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Early Intervention and young people’s participation is needed to overhaul mental health sector

“A radical overhaul of mental health services for adolescents and children is urgently needed and should include measures such as early detection of difficulties for children and the participation of young people in decisions that affect them.

“The best available mental health care is an entitlement under international human rights law and children and young people are equal rights holders.

“Mental Health services for children and young people are particularly deficient in Ireland and have not received the commitment they deserve. No national picture of children’s health exists in this country. No central data or information and research on the quality or level of services and uptake of those services.

“There have been numerous reports, task forces and expert groups indicating what needs to happen in this jurisdiction. These reports have been accepted by Government but we continue to see the rights of these children and young people ignored.

“Experts frequently recommend services changes. But my job, as Ombudsman for Children, is to represent the consumer of these services – children and young people. “In my view, there is a very pressing need to reassess the approach taken to how young people are dealt with within the mental health system. It is not acceptable that a large number of young people from diverse backgrounds with a wide variety of problems are expected to adapt to a one-size-fits-all service.

“Real reform is needed and it is needed now. I would like to see the following happening:

That we acknowledge the real issues for children and young people and a willingness to openly discuss these issues, this may include issues that we as adults are not very open about, for instance sexuality.

In terms of prevention the early detection of difficulties for children must be met. School based counselling is a critical gap that should be filled.

Children have a right to participate in decisions that affect them. We need to hear what they think.

We would like to see an effective complaints procedure and a comprehensive system of advocacy to allow this to happen.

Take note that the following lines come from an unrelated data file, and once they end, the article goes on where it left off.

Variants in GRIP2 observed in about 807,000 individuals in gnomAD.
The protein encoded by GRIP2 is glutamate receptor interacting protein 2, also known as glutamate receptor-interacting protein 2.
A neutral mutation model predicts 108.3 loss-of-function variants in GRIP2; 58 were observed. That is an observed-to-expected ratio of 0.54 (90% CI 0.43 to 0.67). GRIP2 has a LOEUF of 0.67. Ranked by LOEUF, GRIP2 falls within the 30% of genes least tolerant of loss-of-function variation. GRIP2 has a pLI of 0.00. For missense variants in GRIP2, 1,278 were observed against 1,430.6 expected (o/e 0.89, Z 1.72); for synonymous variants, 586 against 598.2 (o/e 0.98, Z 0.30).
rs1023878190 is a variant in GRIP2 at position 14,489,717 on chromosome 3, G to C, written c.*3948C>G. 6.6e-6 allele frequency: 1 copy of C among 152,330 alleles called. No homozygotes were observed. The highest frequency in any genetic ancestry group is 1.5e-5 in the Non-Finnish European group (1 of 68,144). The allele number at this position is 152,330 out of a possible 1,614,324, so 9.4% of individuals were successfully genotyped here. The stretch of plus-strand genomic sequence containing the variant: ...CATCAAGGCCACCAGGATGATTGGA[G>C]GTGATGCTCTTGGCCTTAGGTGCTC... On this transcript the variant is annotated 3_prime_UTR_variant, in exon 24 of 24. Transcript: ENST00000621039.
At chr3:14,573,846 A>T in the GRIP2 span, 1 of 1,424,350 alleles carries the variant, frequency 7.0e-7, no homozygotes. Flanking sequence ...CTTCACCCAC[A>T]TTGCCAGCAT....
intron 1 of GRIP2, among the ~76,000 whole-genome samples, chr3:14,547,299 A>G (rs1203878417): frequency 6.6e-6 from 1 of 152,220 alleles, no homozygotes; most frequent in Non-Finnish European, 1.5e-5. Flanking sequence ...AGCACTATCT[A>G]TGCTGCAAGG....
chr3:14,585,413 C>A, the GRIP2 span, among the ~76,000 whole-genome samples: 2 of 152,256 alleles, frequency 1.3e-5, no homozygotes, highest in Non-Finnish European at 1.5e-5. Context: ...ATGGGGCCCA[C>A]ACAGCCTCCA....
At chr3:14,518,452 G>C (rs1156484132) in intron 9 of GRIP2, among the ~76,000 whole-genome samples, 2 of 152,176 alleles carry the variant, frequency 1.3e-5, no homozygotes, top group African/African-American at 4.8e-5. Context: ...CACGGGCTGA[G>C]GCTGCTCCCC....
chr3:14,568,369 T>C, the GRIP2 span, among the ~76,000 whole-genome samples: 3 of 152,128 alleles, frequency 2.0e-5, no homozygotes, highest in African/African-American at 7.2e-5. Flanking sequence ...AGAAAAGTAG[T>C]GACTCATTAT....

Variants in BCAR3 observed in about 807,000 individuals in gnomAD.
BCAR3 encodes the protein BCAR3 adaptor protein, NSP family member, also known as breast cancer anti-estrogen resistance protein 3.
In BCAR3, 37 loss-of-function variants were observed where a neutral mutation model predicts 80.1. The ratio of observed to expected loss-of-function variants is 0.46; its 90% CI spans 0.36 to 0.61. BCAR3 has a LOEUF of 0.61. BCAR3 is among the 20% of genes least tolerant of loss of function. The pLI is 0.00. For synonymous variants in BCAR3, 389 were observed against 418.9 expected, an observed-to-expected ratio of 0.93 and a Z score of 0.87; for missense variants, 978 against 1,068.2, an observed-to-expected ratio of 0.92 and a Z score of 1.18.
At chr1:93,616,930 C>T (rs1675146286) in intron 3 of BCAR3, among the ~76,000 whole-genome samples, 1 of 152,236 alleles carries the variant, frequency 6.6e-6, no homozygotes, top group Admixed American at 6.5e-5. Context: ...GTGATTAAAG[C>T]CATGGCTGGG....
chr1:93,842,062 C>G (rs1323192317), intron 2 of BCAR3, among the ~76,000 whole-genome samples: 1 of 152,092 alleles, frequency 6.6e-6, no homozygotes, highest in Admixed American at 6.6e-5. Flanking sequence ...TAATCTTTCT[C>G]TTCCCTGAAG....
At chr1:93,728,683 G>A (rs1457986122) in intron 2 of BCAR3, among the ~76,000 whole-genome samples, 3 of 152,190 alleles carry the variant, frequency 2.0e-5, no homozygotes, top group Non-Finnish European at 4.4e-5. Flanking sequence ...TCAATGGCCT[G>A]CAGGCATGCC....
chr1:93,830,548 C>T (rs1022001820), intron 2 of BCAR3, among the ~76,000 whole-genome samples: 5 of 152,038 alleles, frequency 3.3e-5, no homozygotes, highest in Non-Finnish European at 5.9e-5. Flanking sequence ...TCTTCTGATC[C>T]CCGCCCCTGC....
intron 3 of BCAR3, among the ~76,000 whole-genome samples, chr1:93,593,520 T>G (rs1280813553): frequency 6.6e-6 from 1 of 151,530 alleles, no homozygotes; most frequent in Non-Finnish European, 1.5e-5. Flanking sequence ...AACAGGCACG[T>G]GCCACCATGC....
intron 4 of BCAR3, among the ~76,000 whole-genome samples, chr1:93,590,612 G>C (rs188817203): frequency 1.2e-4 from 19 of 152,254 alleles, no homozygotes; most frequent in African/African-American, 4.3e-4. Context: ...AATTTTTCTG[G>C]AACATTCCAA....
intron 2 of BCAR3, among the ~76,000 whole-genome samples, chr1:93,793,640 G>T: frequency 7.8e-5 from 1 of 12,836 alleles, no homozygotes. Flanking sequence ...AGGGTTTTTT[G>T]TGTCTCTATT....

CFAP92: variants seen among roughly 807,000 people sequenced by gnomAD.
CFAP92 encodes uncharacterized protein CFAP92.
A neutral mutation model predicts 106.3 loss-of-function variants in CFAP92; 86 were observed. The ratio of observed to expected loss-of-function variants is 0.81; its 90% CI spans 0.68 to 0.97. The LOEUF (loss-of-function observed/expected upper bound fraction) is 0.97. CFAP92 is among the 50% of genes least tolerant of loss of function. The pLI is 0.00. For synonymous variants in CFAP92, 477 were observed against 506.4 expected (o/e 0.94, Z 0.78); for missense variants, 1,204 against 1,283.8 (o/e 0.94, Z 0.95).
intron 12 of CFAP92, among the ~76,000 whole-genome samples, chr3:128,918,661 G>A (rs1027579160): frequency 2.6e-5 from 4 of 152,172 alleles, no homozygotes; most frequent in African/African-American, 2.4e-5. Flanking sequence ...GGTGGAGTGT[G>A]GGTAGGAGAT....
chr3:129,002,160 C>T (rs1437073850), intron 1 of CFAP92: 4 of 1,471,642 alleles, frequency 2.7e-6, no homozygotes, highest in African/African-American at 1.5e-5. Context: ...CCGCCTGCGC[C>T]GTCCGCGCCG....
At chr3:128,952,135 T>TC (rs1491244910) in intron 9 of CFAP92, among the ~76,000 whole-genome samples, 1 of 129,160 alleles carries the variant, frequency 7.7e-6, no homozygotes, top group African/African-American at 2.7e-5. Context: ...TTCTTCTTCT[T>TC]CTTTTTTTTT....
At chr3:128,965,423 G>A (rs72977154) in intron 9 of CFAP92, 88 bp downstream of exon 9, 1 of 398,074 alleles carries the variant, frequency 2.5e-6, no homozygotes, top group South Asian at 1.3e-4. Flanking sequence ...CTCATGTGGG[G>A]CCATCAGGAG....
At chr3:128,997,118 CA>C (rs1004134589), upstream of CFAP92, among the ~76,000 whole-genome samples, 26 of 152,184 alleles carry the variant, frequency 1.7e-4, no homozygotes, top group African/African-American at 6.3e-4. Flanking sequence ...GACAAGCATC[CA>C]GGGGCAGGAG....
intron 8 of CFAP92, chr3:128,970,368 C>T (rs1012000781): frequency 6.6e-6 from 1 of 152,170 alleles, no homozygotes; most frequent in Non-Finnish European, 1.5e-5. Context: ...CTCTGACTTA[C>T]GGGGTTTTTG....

UN Convention on the Rights of the Child

“Ireland ratified the UN Convention on the Rights of the Child in 1992. What is unique about the convention is that only two states worldwide have refused to ratify it making it the most ratified human rights treaty to date.

“Essentially this means that there is now unprecedented international consensus on how we should respect our children.

“A new approach to children and young people is now required, recognising that children (that is anyone up to the age of 18) are the subjects of rights and responsibilities and not just objects of concern. They are holders of rights and these rights must be safeguarded.

UN concluding observations

“The UN committee on the rights of the child in their concluding remarks about Ireland in 1998 expressed concern at the high rate of teenage suicide. The committee is also concerned about the lack of national policy in relation to children, the lack of adequate programmes addressing the mental health of children and their families and adolescent health-related problems.

“Every 5 years the UN measures a state against the standards of the UNCRC. This last took place in 1998. The government is currently drafting its progress report for the UN detailing its compliance with the convention as part of a five year process.

What do children, young people and their families want?

“In January 2005 the Mental Health Commission published their consultation document on the quality in mental health services.

“Most of the comments by consumers of the service related to the importance of ‘humanising the service’. In defining the quality of the service families’ listed respectful, empathetic relationships with staff that respects the dignity of the individual and the family.

“They emphasised the need for service providers to be trained to meet the different needs of children with mental illness. They also identified the need for a move from a client centred to a family centred approach.

“The Ombudsman for Children’s Office is an organisation that seeks equality for children and young people. As a complaints handling body we have a role as an organisation who seek redress for children, young people and their families.

“To date we have not had complaints or even heard from families about children using mental health services. Children and their parents or guardians in these situations are not in positions to assert their rights. This, in my view, is because of the huge stigma that still exists in society around mental illness largely stems from a lack of understanding and a lack of empathy for families.

“It is time we, as a society, encouraged young people and their families to open up about mental health issues that are affecting them, provide the support they need to do this, respect what they have to say and make the necessary changes they seek.

“The best available mental health care is an entitlement under international human rights law. Our children and young people deserve no less.”